Marina Abramović  is a force of nature; Her grueling performances have established her as one of the major female artists of our time. Most recently, her piece The Artist is Present, involved sitting in the MoMA for 736 hours, not moving, while spectators were allowed to sit and stare at her for as long as they liked. 

Her latest work, an autobiographical performance piece titled The Life and Death of Marina Abramović,  is an avant-garde collaboration with director Robert Wilson, singer Antony (of Antony and the Johnsons), and actor Willem Dafoe.

Staged at the amazing park Avenue Armory (a fortress!), the play is a sort-of eulogy to the alleged death of Abramović. The work covers a range of experiences, beginning with her childhood in Belgrade and her difficult relationship with her mother, who is portrayed (by the artist) as a cruel, cold, black-clad figure. The play continues with a few cringe-inducing moments where she lays bare her feelings of inadequacy (regarding her weight, her nose, her loneliness). The dense emotional content is countered by the stunningly beautiful visuals; I often found myself trying to figure out what the hell was going on, only to sit back, relax, and soak it in.

Antony's songs were literally angelic and, for me, the best part of the play (I'm calling it a play but it is really a mixture of theater, opera, spoken word, dance, visual performance). Also thrilling was the rhythmic chanting of Serbian singers led by the haunting voice of Svetlana Spajic (which brought to mind the choral group from the 90s The Mystery of Bulgarian Voices ). The sets were colorfully goth, and the finale where Abramović and Dafoe (her conscience?) were floating in the clouds was stark and stunning.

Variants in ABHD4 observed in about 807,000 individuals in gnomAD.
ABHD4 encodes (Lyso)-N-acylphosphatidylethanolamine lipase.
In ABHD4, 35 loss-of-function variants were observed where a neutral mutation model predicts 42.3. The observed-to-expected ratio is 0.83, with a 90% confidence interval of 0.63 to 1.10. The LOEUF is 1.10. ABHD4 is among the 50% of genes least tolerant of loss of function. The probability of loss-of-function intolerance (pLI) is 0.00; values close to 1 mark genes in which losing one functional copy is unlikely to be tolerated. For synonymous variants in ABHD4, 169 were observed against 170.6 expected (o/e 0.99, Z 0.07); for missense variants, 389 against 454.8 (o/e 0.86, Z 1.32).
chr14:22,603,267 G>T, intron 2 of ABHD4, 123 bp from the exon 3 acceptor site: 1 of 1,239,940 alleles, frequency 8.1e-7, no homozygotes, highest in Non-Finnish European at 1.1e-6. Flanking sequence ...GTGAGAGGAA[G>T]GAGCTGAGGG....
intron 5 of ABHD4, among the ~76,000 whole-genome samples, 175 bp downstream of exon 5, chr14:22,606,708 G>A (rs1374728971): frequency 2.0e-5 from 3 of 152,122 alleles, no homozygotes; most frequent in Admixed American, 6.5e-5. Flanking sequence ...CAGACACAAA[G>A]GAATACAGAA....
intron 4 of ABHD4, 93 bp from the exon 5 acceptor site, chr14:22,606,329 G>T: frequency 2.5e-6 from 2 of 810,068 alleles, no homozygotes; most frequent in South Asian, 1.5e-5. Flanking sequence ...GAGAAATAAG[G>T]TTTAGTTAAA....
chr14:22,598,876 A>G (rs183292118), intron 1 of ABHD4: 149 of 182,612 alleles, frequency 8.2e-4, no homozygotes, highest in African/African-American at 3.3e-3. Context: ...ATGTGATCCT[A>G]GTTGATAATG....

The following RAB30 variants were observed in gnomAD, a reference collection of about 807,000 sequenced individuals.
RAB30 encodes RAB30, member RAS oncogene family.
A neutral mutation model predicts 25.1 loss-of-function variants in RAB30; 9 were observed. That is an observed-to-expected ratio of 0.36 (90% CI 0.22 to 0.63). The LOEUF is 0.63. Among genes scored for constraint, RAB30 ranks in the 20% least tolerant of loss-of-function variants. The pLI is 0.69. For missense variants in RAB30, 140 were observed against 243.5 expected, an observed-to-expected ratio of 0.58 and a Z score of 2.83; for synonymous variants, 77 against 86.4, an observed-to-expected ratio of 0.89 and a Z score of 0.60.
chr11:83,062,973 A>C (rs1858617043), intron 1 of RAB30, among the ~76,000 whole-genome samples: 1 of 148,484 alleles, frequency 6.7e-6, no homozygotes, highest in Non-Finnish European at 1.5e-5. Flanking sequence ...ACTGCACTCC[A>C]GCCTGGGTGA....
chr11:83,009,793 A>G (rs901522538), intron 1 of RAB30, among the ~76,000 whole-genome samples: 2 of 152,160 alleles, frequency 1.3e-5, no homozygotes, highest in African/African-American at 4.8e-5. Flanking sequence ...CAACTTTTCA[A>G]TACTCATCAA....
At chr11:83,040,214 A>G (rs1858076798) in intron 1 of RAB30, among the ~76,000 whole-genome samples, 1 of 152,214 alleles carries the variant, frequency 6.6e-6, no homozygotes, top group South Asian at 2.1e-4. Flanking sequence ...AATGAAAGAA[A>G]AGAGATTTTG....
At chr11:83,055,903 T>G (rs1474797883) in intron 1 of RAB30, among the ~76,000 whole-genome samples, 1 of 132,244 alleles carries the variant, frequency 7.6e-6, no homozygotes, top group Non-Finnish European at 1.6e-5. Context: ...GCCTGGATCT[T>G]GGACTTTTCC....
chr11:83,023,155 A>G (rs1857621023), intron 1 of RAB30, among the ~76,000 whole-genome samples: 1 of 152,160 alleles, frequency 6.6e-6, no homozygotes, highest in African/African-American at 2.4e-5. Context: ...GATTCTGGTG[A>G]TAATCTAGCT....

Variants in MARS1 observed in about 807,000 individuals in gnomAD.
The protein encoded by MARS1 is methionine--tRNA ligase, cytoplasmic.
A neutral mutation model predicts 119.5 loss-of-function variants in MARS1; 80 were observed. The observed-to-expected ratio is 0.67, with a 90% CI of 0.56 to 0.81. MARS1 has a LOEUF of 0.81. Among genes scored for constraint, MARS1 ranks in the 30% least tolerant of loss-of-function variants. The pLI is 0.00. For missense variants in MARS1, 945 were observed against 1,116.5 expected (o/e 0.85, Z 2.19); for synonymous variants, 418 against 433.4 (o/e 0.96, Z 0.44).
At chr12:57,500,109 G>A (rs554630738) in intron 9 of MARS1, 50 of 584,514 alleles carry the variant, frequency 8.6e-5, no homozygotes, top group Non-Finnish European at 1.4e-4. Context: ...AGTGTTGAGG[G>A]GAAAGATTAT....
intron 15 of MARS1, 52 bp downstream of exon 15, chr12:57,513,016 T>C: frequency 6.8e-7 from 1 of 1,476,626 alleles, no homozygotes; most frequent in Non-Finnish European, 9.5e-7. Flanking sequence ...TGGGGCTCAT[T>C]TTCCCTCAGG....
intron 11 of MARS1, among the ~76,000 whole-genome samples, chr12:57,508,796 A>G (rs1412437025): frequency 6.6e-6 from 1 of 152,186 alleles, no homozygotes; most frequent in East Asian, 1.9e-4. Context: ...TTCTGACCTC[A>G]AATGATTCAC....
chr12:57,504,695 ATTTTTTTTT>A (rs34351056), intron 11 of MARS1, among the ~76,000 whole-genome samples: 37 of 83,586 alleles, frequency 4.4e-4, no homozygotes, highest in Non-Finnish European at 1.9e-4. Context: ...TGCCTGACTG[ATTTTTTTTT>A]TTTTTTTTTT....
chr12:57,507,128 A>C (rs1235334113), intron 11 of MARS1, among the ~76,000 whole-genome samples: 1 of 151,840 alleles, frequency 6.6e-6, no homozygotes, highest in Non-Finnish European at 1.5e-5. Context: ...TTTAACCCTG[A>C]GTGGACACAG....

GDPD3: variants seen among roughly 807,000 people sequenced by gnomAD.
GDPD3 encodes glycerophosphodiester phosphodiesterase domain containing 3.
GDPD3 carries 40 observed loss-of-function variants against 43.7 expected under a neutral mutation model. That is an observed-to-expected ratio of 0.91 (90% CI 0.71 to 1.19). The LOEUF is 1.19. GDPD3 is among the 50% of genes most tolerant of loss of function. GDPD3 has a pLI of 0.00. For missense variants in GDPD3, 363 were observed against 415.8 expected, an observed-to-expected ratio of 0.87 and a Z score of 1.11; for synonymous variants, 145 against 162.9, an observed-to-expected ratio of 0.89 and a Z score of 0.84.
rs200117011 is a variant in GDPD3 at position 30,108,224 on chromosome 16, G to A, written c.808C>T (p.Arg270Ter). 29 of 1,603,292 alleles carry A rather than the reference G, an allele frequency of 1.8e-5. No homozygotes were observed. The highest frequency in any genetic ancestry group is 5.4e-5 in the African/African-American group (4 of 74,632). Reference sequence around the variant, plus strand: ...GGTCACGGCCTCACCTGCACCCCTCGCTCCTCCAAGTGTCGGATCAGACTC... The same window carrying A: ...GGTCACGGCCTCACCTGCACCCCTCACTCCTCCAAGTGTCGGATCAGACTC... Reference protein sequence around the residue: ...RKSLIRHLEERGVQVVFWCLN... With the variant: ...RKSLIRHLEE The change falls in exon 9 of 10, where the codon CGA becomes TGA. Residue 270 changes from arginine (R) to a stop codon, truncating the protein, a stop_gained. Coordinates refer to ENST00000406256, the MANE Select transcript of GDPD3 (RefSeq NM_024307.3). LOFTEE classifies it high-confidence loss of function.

I don't pretend to totally "get" this piece, but its ruminations on death are pretty thought-provoking. Her art is sometimes astonishing, violent, funny and awkward--but almost always beautifully brutal. It takes someone with a huge ego to present their life experience on stage in all its honest and messy glory, but Abramović  is clearly not afraid of much, let alone death, and that's what makes her so compelling.  The Life and Death of Marina Abramović is a wonderful opportunity to see the artist on stage, and to experience her life through her own lens.

There are still tickets available for the following performances:
Tuesday, December 17 at 7:00 p.m. / Wednesday, December 18 at 7:00 p.m. / Thursday, December 19 at 7:00 p.m. / Friday, December 20 at 8:00 p.m. / Saturday, December 21 at 2:00 p.m. and 8:00 p.m.

Tickets start at $45

 www.armoryonpark.org / (212) 933-5812

 

Tagged in: Wilem Dafoe, theater, reviews, plays, Marina Ambramović, death, art, antony and the johnsons   

The opinions expressed on the BUST blog are those of the authors themselves and do not necessarily reflect the position of BUST Magazine or its staff.




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